the Civil War there was deep resentment that the rich could buy
their way out of service, and that financiers like J. P. Morgan
were profiting as the bodies piled up on the battlefields. The
black soldiers who joined the Union Army and were decisive in
the victory came home to poverty and racism.
The returning soldiers of World War I,
many of them crippled and shell-shocked, were hit hard, barely
a dozen years after the end of the war, by the Depression. Unemployed,
their families hungry, they descended on Washington-20,000 of
them, from every part of the country. They set up tents across
the Potomac from the capital and demanded that Congress pay the
bonuses it had promised. Instead, the army was called out, and
they were fired on, tear-gassed, dispersed.
Perhaps it was to wipe out that ugly memory,
or perhaps it was the glow accompanying the great victory over
fascism, but the veterans of World War II received a GI Bill of
Rights- free college education, low interest home mortgages, life
The Vietnam War veterans, on the other
hand, came home to find that the same government that had sent
them into an immoral and fruitless war, leaving so many of them
wounded in body and mind, now wanted to forget about them.
The United States had sprayed huge parts
of Vietnam with the chemical defoliant Agent Orange, resulting
for the Vietnamese in hundreds of thousands of deaths, lingering
cancers, birth defects. American GIs were also exposed in great
numbers, and tens of thousands, pointing to sickness, to birth
defects in their children, asked the Veterans Administration for
help. But the government denied responsibility. However, a suit
against Dow Chemical and other manufacturers of the defoliant
was settled out of court for $180 million. The case was brought
by 15,000 veterans and their relatives.
As the government pours hundreds of billions
into war, it has no money to take care of the Vietnam veterans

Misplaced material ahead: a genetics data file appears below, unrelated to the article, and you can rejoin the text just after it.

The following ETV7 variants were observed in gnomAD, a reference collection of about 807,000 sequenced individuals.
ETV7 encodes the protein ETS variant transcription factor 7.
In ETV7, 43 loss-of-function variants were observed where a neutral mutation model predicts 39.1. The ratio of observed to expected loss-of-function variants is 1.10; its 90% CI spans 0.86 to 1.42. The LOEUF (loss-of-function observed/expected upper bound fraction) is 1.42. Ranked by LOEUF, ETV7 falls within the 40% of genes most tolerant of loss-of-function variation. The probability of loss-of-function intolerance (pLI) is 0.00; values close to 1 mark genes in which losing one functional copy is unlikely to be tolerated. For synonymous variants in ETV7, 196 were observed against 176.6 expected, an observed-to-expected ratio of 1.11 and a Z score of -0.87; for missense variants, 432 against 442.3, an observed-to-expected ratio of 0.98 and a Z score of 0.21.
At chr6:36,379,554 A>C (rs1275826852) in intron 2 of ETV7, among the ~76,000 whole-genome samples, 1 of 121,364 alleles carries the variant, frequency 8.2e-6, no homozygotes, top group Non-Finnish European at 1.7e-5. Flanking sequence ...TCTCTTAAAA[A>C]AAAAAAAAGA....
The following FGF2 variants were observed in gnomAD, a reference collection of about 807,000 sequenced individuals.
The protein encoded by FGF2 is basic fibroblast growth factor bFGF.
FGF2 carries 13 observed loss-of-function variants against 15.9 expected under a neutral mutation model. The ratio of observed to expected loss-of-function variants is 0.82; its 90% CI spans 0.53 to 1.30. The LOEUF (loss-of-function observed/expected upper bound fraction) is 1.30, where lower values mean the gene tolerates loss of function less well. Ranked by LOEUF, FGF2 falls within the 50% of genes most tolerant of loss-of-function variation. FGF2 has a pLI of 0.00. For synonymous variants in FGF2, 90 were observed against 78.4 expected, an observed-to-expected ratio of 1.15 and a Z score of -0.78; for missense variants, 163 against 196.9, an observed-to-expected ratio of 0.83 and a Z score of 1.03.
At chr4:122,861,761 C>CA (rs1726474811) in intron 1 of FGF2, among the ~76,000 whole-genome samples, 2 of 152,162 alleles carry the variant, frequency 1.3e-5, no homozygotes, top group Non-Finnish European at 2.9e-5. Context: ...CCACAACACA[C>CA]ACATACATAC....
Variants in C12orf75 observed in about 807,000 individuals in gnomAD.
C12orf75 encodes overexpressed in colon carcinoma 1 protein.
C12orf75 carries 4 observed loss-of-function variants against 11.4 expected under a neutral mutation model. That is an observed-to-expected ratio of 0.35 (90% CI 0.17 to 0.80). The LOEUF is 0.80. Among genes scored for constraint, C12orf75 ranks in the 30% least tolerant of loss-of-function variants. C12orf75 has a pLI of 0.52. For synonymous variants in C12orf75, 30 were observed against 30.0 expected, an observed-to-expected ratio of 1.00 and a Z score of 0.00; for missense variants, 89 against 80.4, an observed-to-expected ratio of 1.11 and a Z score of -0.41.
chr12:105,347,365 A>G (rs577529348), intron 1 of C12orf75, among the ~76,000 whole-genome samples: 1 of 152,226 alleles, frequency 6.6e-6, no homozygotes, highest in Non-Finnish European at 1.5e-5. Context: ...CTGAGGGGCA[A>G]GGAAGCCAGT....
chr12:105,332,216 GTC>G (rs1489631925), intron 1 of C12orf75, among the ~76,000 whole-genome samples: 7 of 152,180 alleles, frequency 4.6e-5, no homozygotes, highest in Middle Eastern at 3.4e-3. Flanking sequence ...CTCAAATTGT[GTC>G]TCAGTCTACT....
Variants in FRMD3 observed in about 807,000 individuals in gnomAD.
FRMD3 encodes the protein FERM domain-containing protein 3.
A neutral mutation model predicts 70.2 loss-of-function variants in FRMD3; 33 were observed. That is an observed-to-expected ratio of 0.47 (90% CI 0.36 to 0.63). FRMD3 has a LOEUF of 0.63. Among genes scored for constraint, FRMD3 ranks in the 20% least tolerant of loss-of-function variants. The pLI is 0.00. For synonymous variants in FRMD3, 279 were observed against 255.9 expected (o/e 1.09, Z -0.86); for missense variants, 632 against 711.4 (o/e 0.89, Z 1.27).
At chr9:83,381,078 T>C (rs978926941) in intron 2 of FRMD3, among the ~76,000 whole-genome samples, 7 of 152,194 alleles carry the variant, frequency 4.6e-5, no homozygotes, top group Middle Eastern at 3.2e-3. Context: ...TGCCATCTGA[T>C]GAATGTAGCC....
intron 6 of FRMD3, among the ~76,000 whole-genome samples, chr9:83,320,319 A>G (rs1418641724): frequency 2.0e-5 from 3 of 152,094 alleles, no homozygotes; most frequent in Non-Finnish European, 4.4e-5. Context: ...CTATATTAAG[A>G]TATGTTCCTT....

who are homeless, who linger in VA hospitals, who suffer from
mental disorders, and who commit suicide in shocking numbers.
It is a bitter legacy.
The United States government was proud
that, although perhaps 100,000 Iraqis had died in the Gulf War
of 1991, there were only 48 American battle casualties. What it
has concealed from the public is that 206,000 veterans of that
war filed claims with the VA for injuries and illnesses. In the
years since that war, 8,300 veterans have died, and 160,000 claims
for disability have been recognized by the VA.
The betrayal of GIs and veterans continues
in the so-called war on terrorism. The promises that the U.S.
military would be greeted with flowers as liberators have disintegrated
as soldiers die almost every day in a deadly guerrilla warfare
that tells the GIs they are not wanted in Iraq. An article last
July in The Christian Science Monitor quotes an officer in the
3rd Infantry Division in Iraq as saying: "Make no mistake,
the level of morale for most soldiers that I've seen has hit rock
And those who come back alive, but blind
or without arms or legs, find that the Bush Administration is
cutting funds for veterans. Bush's State of the Union address,
while going through the usual motions of thanking those serving
in Iraq, continued his policy of ignoring the thousands who have
come back wounded, in a war that is becoming increasingly unpopular.
The quick Thanksgiving visit of Bush to
Iraq, much ballyhooed in the press, was seen differently by an
army nurse in Landstuhl, Germany, where casualties from the war
are treated. She sent out an e-mail: "My 'Bush Thanksgiving'
was a little different. I spent it at the hospital taking care
of a young West Point lieutenant wounded in Iraq.... When he pressed
his fists into his eyes and rocked his head back and forth he
looked like a little boy. They all do, all nineteen in the ward
that day, some missing limbs, eyes, or worse.... It's too bad
Bush didn't add us to his holiday agenda. The men said the same,
but you'll never read that in the paper."
As for Jeremy Feldbusch, blinded in the
war, his hometown of Blairsville, an old coal mining town of 3,600,
held a parade for him, and the mayor honored him. I thought of
the blinded, armless, legless soldier in Dalton Trumbo's novel
Johnny Got His Gun, who, lying on his hospital cot, unable to
speak or hear, remembers when his hometown gave him a send-off,
with speeches about fighting for liberty and democracy. He finally
learns how to communicate, by tapping Morse code letters with
his head, and asks the authorities to take him to schoolrooms
everywhere, to show the children what war is like. But they do
not respond. "In one terrible moment he saw the whole thing,"
Trumbo writes. "They wanted only to forget him."
In a sense, the novel was asking, and
now the returned veterans are asking, that we don't forget.
Howard Zinn, the author of "A Peoples
History of the United States," is a columnist
for The Progressive.